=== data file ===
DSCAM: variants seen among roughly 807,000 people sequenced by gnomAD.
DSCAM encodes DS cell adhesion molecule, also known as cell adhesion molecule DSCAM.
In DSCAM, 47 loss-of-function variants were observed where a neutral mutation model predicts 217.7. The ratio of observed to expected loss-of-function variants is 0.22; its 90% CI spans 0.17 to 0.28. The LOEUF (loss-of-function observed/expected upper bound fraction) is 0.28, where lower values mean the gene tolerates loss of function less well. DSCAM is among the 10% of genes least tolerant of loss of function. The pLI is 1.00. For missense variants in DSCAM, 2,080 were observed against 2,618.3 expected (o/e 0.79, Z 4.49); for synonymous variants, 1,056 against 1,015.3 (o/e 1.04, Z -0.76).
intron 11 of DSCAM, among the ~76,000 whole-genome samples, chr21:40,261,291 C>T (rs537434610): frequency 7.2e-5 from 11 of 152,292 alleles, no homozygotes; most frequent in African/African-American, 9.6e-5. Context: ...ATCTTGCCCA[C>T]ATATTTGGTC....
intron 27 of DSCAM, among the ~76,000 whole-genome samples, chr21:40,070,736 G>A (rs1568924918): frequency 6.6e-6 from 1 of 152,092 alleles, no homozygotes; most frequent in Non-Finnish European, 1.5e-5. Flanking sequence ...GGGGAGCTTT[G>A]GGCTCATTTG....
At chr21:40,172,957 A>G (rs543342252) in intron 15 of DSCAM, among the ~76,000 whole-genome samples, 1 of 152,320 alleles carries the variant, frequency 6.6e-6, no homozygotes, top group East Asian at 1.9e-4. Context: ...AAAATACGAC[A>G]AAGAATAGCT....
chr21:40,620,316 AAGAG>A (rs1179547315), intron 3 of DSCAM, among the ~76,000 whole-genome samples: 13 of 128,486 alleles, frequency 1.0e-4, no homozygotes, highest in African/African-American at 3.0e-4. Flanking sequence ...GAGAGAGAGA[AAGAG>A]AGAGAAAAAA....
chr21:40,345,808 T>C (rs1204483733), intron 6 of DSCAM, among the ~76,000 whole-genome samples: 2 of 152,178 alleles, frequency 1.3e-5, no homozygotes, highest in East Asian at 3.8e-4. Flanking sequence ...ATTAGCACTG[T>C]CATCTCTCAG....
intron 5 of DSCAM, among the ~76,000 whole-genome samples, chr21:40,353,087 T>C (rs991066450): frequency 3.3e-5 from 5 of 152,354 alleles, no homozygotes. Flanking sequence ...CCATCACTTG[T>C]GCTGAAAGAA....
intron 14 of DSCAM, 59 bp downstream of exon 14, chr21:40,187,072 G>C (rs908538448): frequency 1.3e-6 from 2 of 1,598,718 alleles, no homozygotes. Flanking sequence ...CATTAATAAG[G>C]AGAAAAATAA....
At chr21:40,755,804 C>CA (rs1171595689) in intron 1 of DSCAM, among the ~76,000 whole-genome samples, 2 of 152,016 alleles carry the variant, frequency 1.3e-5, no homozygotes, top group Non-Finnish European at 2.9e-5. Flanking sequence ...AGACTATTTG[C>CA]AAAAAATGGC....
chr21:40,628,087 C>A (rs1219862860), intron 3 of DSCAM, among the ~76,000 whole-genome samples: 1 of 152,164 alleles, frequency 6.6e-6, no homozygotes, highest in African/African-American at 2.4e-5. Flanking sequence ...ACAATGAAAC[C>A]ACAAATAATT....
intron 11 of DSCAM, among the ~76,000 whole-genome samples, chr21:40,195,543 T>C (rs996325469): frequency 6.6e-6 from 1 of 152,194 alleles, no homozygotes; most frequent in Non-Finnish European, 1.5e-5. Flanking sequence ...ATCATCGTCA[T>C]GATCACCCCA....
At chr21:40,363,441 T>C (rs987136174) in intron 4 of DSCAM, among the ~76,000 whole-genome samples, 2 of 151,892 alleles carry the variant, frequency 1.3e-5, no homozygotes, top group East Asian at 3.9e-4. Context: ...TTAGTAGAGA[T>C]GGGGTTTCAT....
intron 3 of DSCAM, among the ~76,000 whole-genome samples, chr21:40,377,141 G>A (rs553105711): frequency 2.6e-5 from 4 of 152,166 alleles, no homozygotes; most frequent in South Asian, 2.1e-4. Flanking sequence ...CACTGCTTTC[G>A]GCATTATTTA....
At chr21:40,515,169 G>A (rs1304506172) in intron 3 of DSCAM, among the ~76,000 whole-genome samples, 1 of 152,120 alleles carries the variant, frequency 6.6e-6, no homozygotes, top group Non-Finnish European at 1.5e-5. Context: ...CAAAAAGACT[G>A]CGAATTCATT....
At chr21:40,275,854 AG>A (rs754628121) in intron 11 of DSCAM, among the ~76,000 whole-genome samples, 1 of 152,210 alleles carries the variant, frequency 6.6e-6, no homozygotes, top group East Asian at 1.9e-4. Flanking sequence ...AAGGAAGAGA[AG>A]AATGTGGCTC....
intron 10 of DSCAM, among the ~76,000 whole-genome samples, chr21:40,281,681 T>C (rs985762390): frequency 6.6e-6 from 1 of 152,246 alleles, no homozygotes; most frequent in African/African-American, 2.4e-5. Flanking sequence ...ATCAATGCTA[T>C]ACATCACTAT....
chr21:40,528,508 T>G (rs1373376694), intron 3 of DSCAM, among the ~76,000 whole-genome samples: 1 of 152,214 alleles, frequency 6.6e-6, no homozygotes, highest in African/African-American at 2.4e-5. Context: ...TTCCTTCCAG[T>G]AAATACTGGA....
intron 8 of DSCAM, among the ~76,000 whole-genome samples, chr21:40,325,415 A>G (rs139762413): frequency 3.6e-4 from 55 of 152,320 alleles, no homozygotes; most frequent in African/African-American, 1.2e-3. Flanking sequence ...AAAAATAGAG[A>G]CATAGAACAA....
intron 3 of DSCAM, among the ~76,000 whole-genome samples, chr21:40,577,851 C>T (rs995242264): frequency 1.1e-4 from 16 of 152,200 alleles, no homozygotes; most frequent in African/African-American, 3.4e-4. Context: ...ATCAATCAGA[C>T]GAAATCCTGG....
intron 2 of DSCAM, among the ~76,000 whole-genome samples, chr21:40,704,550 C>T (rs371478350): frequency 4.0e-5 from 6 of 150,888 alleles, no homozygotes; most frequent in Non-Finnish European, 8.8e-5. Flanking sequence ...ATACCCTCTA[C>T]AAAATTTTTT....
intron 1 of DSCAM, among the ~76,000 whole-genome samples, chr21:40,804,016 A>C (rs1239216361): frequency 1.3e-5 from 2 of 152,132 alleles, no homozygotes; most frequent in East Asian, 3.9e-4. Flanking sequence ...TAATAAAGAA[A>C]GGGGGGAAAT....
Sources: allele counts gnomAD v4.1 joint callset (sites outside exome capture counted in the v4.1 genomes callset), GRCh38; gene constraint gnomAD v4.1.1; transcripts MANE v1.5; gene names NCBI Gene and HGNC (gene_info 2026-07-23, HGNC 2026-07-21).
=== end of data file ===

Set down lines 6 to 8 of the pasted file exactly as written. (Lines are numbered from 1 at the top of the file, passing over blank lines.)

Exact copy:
At chr21:40,172,957 A>G (rs543342252) in intron 15 of DSCAM, among the ~76,000 whole-genome samples, 1 of 152,320 alleles carries the variant, frequency 6.6e-6, no homozygotes, top group East Asian at 1.9e-4. Context: ...AAAATACGAC[A>G]AAGAATAGCT....
chr21:40,620,316 AAGAG>A (rs1179547315), intron 3 of DSCAM, among the ~76,000 whole-genome samples: 13 of 128,486 alleles, frequency 1.0e-4, no homozygotes, highest in African/African-American at 3.0e-4. Flanking sequence ...GAGAGAGAGA[AAGAG>A]AGAGAAAAAA....
chr21:40,345,808 T>C (rs1204483733), intron 6 of DSCAM, among the ~76,000 whole-genome samples: 2 of 152,178 alleles, frequency 1.3e-5, no homozygotes, highest in East Asian at 3.8e-4. Flanking sequence ...ATTAGCACTG[T>C]CATCTCTCAG....